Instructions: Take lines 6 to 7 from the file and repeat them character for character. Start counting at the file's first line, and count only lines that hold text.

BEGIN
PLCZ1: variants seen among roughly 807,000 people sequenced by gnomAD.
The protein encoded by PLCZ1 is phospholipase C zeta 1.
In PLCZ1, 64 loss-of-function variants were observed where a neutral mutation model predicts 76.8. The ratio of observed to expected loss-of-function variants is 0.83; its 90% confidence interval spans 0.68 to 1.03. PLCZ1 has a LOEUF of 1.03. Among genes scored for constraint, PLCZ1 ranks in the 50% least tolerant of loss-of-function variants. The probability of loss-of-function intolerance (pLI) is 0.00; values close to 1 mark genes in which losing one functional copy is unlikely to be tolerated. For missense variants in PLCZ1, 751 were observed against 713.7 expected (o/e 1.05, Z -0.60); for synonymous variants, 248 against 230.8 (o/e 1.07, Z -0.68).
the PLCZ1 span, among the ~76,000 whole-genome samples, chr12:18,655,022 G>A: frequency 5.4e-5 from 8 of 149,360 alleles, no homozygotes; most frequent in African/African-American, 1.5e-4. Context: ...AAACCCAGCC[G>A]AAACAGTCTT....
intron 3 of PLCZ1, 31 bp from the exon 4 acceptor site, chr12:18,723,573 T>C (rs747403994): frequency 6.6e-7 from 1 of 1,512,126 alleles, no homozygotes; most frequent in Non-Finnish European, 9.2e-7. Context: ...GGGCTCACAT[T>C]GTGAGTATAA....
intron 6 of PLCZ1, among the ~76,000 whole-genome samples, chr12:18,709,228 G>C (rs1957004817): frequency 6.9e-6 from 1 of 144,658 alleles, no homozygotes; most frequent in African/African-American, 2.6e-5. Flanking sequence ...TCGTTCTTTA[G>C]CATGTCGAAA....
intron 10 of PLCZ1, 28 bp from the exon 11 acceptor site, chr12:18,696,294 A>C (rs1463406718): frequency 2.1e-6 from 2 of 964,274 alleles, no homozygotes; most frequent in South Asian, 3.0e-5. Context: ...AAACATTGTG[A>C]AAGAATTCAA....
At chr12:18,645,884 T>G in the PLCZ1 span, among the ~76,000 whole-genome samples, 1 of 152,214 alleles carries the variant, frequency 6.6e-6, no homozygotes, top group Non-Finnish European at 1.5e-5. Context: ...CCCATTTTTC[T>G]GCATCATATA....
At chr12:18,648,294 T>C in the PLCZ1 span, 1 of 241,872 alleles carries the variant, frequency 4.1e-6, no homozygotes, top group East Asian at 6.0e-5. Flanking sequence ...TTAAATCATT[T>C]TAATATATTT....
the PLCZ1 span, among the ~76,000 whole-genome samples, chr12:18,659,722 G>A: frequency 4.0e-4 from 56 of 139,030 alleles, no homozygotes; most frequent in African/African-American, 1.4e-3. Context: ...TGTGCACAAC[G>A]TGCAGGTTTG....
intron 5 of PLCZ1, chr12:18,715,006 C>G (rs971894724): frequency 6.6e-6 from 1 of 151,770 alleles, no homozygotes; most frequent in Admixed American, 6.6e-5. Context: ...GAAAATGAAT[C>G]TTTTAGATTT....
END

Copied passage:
intron 6 of PLCZ1, among the ~76,000 whole-genome samples, chr12:18,709,228 G>C (rs1957004817): frequency 6.9e-6 from 1 of 144,658 alleles, no homozygotes; most frequent in African/African-American, 2.6e-5. Flanking sequence ...TCGTTCTTTA[G>C]CATGTCGAAA....
intron 10 of PLCZ1, 28 bp from the exon 11 acceptor site, chr12:18,696,294 A>C (rs1463406718): frequency 2.1e-6 from 2 of 964,274 alleles, no homozygotes; most frequent in South Asian, 3.0e-5. Context: ...AAACATTGTG[A>C]AAGAATTCAA....